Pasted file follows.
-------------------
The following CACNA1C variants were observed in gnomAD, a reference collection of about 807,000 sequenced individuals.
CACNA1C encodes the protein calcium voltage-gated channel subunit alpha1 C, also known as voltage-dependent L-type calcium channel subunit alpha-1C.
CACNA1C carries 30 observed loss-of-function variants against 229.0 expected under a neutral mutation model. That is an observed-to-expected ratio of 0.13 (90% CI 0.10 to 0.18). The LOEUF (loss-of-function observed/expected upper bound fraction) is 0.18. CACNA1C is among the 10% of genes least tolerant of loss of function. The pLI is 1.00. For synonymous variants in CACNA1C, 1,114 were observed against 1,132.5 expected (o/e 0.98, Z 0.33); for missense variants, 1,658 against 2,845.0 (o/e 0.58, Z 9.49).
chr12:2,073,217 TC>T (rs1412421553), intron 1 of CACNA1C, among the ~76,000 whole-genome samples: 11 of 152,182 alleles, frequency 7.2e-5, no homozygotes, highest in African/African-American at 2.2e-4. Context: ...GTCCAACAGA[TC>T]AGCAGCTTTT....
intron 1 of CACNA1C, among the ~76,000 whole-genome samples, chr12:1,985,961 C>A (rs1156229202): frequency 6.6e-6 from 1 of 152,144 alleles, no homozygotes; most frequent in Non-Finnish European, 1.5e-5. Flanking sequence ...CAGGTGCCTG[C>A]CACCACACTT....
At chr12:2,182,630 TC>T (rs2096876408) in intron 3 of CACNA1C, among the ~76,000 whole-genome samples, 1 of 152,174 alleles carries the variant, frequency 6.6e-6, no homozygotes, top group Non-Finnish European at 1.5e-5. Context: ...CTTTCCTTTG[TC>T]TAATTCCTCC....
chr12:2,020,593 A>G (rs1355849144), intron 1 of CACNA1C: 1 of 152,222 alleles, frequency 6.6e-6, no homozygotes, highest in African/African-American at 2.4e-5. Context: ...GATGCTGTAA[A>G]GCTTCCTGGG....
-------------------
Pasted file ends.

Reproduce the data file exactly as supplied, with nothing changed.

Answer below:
The following CACNA1C variants were observed in gnomAD, a reference collection of about 807,000 sequenced individuals.
CACNA1C encodes the protein calcium voltage-gated channel subunit alpha1 C, also known as voltage-dependent L-type calcium channel subunit alpha-1C.
CACNA1C carries 30 observed loss-of-function variants against 229.0 expected under a neutral mutation model. That is an observed-to-expected ratio of 0.13 (90% CI 0.10 to 0.18). The LOEUF (loss-of-function observed/expected upper bound fraction) is 0.18. CACNA1C is among the 10% of genes least tolerant of loss of function. The pLI is 1.00. For synonymous variants in CACNA1C, 1,114 were observed against 1,132.5 expected (o/e 0.98, Z 0.33); for missense variants, 1,658 against 2,845.0 (o/e 0.58, Z 9.49).
chr12:2,073,217 TC>T (rs1412421553), intron 1 of CACNA1C, among the ~76,000 whole-genome samples: 11 of 152,182 alleles, frequency 7.2e-5, no homozygotes, highest in African/African-American at 2.2e-4. Context: ...GTCCAACAGA[TC>T]AGCAGCTTTT....
intron 1 of CACNA1C, among the ~76,000 whole-genome samples, chr12:1,985,961 C>A (rs1156229202): frequency 6.6e-6 from 1 of 152,144 alleles, no homozygotes; most frequent in Non-Finnish European, 1.5e-5. Flanking sequence ...CAGGTGCCTG[C>A]CACCACACTT....
At chr12:2,182,630 TC>T (rs2096876408) in intron 3 of CACNA1C, among the ~76,000 whole-genome samples, 1 of 152,174 alleles carries the variant, frequency 6.6e-6, no homozygotes, top group Non-Finnish European at 1.5e-5. Context: ...CTTTCCTTTG[TC>T]TAATTCCTCC....
chr12:2,020,593 A>G (rs1355849144), intron 1 of CACNA1C: 1 of 152,222 alleles, frequency 6.6e-6, no homozygotes, highest in African/African-American at 2.4e-5. Context: ...GATGCTGTAA[A>G]GCTTCCTGGG....